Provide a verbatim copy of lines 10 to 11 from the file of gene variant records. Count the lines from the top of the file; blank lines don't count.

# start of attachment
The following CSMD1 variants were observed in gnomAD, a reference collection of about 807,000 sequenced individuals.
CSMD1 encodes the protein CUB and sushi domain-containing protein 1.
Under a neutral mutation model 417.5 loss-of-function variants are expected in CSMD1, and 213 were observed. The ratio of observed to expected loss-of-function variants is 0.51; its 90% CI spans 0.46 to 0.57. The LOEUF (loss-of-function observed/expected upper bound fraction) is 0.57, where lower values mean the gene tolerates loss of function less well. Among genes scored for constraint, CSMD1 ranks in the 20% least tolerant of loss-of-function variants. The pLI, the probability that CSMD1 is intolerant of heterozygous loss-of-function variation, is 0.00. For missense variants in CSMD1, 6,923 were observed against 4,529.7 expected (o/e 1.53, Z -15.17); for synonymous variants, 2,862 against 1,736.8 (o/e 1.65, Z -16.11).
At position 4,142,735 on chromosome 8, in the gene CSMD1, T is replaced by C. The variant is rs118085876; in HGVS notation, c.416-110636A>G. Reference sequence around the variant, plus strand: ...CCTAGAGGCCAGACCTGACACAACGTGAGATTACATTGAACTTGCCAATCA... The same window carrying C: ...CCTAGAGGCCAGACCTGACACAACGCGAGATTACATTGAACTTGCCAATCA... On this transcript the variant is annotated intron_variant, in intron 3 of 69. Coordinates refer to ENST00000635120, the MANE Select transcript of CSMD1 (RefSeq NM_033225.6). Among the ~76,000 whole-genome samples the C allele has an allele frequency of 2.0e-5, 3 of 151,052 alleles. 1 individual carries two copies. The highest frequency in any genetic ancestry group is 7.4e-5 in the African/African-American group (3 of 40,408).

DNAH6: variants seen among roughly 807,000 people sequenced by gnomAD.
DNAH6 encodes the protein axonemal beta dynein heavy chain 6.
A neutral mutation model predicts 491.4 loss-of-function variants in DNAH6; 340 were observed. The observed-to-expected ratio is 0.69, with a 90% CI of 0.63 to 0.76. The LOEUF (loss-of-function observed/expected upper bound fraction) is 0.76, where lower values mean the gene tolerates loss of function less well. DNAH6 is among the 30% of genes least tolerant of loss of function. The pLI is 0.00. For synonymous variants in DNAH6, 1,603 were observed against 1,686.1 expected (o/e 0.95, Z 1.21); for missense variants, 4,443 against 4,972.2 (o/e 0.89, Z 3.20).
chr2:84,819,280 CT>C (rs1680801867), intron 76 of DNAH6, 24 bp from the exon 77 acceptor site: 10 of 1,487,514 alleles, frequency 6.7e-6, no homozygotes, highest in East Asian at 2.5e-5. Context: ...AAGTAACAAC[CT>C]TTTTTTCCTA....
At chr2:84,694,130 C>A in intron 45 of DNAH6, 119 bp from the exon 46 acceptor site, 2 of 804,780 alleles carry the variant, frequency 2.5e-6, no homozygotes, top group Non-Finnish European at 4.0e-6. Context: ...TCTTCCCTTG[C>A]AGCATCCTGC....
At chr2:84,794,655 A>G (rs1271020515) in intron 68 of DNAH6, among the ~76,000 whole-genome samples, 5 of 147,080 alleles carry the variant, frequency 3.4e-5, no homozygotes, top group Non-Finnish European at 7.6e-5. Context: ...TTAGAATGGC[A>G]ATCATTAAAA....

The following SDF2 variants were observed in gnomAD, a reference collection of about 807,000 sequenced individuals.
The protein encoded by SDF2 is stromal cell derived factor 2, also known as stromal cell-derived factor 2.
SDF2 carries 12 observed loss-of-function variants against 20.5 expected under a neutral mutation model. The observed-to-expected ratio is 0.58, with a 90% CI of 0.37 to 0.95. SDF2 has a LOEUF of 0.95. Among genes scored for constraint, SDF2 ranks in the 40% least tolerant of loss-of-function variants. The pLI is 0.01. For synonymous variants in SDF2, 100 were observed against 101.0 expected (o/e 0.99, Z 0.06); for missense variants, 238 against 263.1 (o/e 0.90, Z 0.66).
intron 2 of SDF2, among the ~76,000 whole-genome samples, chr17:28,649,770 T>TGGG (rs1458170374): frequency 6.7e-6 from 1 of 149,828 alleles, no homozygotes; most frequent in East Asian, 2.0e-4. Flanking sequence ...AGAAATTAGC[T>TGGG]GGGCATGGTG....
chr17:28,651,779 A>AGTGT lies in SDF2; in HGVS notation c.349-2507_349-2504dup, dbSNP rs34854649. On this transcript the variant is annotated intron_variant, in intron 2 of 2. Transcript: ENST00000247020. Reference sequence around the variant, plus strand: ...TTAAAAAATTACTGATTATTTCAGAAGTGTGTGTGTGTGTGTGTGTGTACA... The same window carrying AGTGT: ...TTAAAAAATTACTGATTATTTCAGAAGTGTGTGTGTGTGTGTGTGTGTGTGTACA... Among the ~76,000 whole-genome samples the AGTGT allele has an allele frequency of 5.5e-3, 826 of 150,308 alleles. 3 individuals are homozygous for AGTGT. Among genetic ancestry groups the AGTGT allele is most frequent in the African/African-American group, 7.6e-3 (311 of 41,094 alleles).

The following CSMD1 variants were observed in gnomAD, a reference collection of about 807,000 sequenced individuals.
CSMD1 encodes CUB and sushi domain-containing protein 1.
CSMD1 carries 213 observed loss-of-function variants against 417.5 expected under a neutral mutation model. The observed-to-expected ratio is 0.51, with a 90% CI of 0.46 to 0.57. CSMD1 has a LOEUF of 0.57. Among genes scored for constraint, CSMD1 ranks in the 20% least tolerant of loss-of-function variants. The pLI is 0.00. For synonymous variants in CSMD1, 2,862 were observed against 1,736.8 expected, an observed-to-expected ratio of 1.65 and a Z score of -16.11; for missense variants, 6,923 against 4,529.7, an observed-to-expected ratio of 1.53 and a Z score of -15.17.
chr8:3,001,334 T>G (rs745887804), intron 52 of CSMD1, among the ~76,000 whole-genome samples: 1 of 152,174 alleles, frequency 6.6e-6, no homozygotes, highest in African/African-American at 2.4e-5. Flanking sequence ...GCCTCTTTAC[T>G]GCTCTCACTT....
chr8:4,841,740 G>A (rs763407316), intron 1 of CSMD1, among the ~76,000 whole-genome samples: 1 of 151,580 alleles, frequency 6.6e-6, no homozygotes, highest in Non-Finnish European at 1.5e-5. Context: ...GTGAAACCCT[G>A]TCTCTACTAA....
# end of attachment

At chr2:84,794,655 A>G (rs1271020515) in intron 68 of DNAH6, among the ~76,000 whole-genome samples, 5 of 147,080 alleles carry the variant, frequency 3.4e-5, no homozygotes, top group Non-Finnish European at 7.6e-5. Context: ...TTAGAATGGC[A>G]ATCATTAAAA....

The following SDF2 variants were observed in gnomAD, a reference collection of about 807,000 sequenced individuals.